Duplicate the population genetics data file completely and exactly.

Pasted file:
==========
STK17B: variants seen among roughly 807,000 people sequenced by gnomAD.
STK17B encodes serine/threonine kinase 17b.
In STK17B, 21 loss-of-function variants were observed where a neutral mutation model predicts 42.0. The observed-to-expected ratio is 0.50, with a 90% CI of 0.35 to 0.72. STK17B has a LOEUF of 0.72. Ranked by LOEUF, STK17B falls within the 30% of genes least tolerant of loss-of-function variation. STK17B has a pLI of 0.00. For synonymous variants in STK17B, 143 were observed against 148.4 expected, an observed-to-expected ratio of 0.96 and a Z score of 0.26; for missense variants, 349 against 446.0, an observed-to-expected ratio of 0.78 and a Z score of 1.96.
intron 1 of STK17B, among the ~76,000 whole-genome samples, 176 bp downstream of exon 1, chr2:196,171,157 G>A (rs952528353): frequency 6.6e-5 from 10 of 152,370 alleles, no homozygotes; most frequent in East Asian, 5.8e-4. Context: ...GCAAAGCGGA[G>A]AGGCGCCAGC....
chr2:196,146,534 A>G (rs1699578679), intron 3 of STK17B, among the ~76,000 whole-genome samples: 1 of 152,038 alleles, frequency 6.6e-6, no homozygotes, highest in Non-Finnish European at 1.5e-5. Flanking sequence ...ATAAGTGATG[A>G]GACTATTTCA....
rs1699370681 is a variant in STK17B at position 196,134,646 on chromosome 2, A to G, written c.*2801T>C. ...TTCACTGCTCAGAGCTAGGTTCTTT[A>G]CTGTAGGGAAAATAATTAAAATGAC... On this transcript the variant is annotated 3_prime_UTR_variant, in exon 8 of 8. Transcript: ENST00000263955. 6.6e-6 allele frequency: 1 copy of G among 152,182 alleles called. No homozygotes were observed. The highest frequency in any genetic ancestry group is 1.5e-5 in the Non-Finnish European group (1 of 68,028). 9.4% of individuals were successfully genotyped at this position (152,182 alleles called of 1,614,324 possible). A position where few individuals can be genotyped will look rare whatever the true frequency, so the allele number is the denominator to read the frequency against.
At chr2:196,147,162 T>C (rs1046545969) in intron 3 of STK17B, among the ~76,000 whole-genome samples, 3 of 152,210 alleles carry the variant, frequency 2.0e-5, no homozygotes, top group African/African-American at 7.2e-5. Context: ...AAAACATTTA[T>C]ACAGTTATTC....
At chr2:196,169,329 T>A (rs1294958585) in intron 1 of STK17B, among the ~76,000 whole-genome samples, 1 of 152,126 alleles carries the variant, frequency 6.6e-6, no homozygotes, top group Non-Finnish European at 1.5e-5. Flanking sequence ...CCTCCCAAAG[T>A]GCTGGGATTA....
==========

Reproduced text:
STK17B: variants seen among roughly 807,000 people sequenced by gnomAD.
STK17B encodes serine/threonine kinase 17b.
In STK17B, 21 loss-of-function variants were observed where a neutral mutation model predicts 42.0. The observed-to-expected ratio is 0.50, with a 90% CI of 0.35 to 0.72. STK17B has a LOEUF of 0.72. Ranked by LOEUF, STK17B falls within the 30% of genes least tolerant of loss-of-function variation. STK17B has a pLI of 0.00. For synonymous variants in STK17B, 143 were observed against 148.4 expected, an observed-to-expected ratio of 0.96 and a Z score of 0.26; for missense variants, 349 against 446.0, an observed-to-expected ratio of 0.78 and a Z score of 1.96.
intron 1 of STK17B, among the ~76,000 whole-genome samples, 176 bp downstream of exon 1, chr2:196,171,157 G>A (rs952528353): frequency 6.6e-5 from 10 of 152,370 alleles, no homozygotes; most frequent in East Asian, 5.8e-4. Context: ...GCAAAGCGGA[G>A]AGGCGCCAGC....
chr2:196,146,534 A>G (rs1699578679), intron 3 of STK17B, among the ~76,000 whole-genome samples: 1 of 152,038 alleles, frequency 6.6e-6, no homozygotes, highest in Non-Finnish European at 1.5e-5. Flanking sequence ...ATAAGTGATG[A>G]GACTATTTCA....
rs1699370681 is a variant in STK17B at position 196,134,646 on chromosome 2, A to G, written c.*2801T>C. ...TTCACTGCTCAGAGCTAGGTTCTTT[A>G]CTGTAGGGAAAATAATTAAAATGAC... On this transcript the variant is annotated 3_prime_UTR_variant, in exon 8 of 8. Transcript: ENST00000263955. 6.6e-6 allele frequency: 1 copy of G among 152,182 alleles called. No homozygotes were observed. The highest frequency in any genetic ancestry group is 1.5e-5 in the Non-Finnish European group (1 of 68,028). 9.4% of individuals were successfully genotyped at this position (152,182 alleles called of 1,614,324 possible). A position where few individuals can be genotyped will look rare whatever the true frequency, so the allele number is the denominator to read the frequency against.
At chr2:196,147,162 T>C (rs1046545969) in intron 3 of STK17B, among the ~76,000 whole-genome samples, 3 of 152,210 alleles carry the variant, frequency 2.0e-5, no homozygotes, top group African/African-American at 7.2e-5. Context: ...AAAACATTTA[T>C]ACAGTTATTC....
At chr2:196,169,329 T>A (rs1294958585) in intron 1 of STK17B, among the ~76,000 whole-genome samples, 1 of 152,126 alleles carries the variant, frequency 6.6e-6, no homozygotes, top group Non-Finnish European at 1.5e-5. Flanking sequence ...CCTCCCAAAG[T>A]GCTGGGATTA....